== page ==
Adobe Flash is notoriously both resource intensive and ubiquitous on the web, which hasn’t helped the open web survive in the consumer shift to mobile devices that have smaller screens and processors. Flash isn’t even supported in most mobile environments anymore because of its poor performance. Google is as a result working hard to eliminate Flash content from its ad network and create a better web browsing experience. Today it announced September 1st is when it will begin pausing many of the Flash ads seen around the web for users of its Chrome web browser.
Fortunately for Google, it’s able to convert most of the Flash ads uploaded to its AdWords advertiser network to the less intensive HTML5 automatically. The company provides a section on its support site where advertisers can go to see what Flash ads are eligible for this conversion, and it has even made a step-by-step tool for converting ads which can’t be automatically converted or haven’t already been uploaded to Google’s servers.
Google first announced this shift back in June, and while the company has its own mobile operating system with a massive amount of native apps in the form of Android, it’s still a big proponent of the web. Perhaps because that’s where it was born, but really because the web isn’t closed off like mobile operating systems, and the underlying hypertext language of the web allows the company to easily scrape and index it for its Search business, among other things. The company introduced a setting to its Chrome browser in March which enables this disabling of Flash plugin content. Chrome for Android and iOS doesn’t support it at all.
Starbucks for Android v3.2 brings Material Design refresh
Whether or not you believe Starbucks coffee tastes burnt (I don’t), there’s always a reason to be happy when a popular app from a major company adopts Google’s new Material Design language. That’s just what the company did today with a new update.
Starbucks version 3.2 for Android is a gentle introduction to Material Design — the app continues to fall in line with the muted colors of the Starbucks brand, not too bright and bold like many early Material Design apps I’ve seen, and animations are subtle, like how the hamburger menu icon shifts during the transition of opening and closing the menu. Small details like elements appearing to open from a touch point remind you that it’s Material. It looks good.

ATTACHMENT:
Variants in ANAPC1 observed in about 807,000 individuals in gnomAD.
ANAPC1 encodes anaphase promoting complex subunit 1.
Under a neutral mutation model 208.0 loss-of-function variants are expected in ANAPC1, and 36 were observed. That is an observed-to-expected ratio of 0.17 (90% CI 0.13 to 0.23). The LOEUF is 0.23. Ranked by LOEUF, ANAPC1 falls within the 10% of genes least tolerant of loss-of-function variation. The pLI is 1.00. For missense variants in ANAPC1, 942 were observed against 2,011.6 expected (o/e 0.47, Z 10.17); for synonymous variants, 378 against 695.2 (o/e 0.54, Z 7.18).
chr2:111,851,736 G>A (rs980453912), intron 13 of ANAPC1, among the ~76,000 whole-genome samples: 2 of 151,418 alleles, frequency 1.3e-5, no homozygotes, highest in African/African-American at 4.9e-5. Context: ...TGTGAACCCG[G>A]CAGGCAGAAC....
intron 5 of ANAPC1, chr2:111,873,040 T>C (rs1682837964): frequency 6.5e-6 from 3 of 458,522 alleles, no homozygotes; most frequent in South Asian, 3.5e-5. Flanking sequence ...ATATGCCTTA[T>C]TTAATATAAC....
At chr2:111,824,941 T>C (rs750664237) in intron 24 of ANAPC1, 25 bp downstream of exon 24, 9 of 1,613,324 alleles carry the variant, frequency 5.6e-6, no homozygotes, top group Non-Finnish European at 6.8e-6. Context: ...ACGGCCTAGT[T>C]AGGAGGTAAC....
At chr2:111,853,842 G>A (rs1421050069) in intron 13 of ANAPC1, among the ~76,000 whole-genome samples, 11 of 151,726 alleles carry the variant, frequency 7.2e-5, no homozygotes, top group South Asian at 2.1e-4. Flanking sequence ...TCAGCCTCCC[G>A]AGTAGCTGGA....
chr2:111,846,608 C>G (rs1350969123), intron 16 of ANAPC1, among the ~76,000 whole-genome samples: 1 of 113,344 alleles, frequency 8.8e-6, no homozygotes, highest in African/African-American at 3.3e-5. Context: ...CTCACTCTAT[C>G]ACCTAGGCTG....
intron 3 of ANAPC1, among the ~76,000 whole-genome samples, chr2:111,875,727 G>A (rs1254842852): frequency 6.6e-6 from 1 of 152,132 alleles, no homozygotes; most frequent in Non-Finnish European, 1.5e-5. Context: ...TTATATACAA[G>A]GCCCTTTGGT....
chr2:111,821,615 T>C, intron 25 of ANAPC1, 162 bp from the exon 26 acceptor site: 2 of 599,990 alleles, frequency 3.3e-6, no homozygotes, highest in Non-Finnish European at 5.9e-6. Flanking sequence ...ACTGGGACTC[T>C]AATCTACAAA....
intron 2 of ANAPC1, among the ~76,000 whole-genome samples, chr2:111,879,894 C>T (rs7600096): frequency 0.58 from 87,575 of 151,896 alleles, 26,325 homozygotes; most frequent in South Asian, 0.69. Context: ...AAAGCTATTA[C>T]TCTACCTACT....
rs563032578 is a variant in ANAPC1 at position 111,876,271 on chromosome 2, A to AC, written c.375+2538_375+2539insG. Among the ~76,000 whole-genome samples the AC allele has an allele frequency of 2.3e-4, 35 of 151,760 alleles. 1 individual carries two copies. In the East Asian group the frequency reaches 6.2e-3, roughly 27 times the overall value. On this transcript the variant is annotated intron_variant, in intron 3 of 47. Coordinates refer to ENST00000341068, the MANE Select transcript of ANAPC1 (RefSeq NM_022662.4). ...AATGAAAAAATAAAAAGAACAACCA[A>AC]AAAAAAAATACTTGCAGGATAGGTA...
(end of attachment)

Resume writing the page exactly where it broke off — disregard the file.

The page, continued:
Sadly, however, the app still lacks the new Order & Pay functionality Starbucks recently added to its iOS app and began promoting in stores, which allows customers to order menu items from their phone and pick them up when they arrive. Starbucks still labels that functionality as being in beta, though, so I’ll give them some slack. As a Starbucks loyalist I’m just glad to see them recognizing Android as a legitimate place to have a presence.
This update also brings added menu details so you can see all the menu items currently available at US stores (PSL, anyone?), and the obligatory “bug fixes.” It’s available on Google Play now.
August 27, 2015
New Xperia Z5 press pictures leak from official channels
XperiaBlog.net is reporting that official Sony Mobile accounts across social media channels today inadvertently published press pictures of the yet-unannounced flagship Xperia Z5 smartphone. Note that we ourselves weren’t able to verify this.
Sony itself teased earlier this week the unveiling of a smartphone “with greater focus,” and that all would become clear on the 2nd of September. That date, of course, falls during IFA Berlin, the annual technology trade show where Sony will be present and has been known to unveil new hardware. The images seem to show the phone packing another one of Sony’s Exmor RS pixel-stacked image sensors, although XperiaBlog.net states that the images confirm this one is a 23MP sensor — Sony doesn’t publicly list a 1/2″ 23MP sensor on its sales site, so it would have to be one they haven’t announced yet.